How Is the GMAT Scored?

Your GMAT score does not reflect only which questions you got right and which you got wrong. Your GMAT score is a representation of your ability, and that ability is being defined contextually. GMAC identifies questions as more or less difficult based on how frequently test respondents are able to answer them correctly. Therefore, if your score places you in the top 90 percentile, that number does not translate into a 90 out of 100 score. Instead, that number corresponds to your consistently arriving at the correct answer for questions only 10 percent of other test-takers also answered correctly.

Take Practice Tests

While you are brushing up on your algebra and how to calculate percentages, also take practice tests. Free practice and preparation software is available directly from GMAC. These practice tests will help you learn to recognize which questions are likely to stump you. Don't waste time on questions you know are beyond your ability. Your primary focus should be on completing the exam. The penalty for leaving questions in the Quantitative and Verbal sections blank is actually greater than the penalty for answering them incorrectly. How much greater? Each unanswered question will reduce your final GMAT score by three percentage points.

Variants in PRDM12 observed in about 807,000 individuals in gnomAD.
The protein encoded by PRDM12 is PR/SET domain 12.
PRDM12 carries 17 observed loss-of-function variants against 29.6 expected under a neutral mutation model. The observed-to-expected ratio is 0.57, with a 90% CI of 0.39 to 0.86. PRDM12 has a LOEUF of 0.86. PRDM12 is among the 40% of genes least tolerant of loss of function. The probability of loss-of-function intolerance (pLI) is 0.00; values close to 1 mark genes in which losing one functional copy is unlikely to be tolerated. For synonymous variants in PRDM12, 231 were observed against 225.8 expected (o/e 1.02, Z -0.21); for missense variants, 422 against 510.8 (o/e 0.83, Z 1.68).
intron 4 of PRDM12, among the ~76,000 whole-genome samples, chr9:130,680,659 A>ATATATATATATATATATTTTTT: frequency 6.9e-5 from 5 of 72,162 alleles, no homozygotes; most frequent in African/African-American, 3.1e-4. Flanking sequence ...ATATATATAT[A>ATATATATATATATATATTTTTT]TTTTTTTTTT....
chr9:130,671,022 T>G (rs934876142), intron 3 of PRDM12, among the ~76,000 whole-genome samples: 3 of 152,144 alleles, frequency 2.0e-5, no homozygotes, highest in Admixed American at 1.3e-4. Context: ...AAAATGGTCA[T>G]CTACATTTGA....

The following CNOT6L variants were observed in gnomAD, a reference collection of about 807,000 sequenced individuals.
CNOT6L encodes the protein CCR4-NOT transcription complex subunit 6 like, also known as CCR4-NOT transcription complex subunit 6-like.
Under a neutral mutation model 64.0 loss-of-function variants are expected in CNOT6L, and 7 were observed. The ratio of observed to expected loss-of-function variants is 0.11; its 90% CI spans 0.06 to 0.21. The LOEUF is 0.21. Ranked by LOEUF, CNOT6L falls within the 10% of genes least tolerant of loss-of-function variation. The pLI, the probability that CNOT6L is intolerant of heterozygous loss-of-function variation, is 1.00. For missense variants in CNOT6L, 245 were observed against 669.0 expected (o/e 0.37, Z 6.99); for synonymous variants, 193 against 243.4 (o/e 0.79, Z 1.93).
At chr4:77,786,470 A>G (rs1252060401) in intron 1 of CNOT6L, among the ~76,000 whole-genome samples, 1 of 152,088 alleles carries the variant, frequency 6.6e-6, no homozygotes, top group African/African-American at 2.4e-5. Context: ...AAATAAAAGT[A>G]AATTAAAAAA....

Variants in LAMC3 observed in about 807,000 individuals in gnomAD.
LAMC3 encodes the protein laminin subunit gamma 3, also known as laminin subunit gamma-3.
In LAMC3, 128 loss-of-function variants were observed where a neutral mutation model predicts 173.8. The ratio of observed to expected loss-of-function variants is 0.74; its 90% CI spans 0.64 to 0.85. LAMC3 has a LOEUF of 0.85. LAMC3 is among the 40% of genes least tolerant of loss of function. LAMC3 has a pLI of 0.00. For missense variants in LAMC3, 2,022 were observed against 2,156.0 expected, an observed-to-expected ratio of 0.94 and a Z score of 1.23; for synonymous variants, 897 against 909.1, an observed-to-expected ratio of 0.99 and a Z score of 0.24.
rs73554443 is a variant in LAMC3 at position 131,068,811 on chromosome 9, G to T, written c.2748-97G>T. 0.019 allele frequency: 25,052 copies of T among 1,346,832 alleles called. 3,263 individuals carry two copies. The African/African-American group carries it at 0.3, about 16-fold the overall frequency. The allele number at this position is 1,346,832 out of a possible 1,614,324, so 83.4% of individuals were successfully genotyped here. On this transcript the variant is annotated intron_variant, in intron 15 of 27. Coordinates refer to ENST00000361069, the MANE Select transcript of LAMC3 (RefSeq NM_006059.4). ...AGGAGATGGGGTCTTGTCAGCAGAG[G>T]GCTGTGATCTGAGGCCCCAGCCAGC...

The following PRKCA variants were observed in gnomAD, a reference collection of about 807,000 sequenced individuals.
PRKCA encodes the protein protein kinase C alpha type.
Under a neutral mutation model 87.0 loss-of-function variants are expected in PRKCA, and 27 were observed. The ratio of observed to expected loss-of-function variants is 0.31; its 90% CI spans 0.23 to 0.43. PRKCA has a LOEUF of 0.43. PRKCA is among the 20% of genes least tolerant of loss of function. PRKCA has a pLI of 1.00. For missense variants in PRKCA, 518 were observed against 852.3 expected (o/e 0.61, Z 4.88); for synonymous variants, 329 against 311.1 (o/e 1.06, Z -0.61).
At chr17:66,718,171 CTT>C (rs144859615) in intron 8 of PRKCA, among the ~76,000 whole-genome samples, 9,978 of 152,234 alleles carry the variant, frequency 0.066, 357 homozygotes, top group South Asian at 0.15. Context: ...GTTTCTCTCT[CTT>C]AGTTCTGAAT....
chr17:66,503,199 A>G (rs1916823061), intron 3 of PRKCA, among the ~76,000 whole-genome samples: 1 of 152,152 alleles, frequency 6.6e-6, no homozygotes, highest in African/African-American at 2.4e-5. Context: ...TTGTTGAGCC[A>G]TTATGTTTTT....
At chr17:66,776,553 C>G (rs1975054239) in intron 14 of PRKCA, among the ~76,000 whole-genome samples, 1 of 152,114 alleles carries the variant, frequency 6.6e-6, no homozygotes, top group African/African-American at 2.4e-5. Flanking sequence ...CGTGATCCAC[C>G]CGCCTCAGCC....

Baylor University's online MBA program requires the GMAT unless you have a minimum of four years of post-graduate, leadership or project management experience. Learn more about the GMAT score you should aim for and the other admissions requirements for Baylor's online program.

Learn more about the Baylor online MBA program.


Sources:

Graduate Management Admission Council - Validity, Reliability & Fairness

Bloomberg: I Took the GMAT With No Preparation. Here's What Happened

The Official Website of the GMAT: Integrated Reasoning Section

The Official Webite of the GMAT: Prepare for the GMAT Exam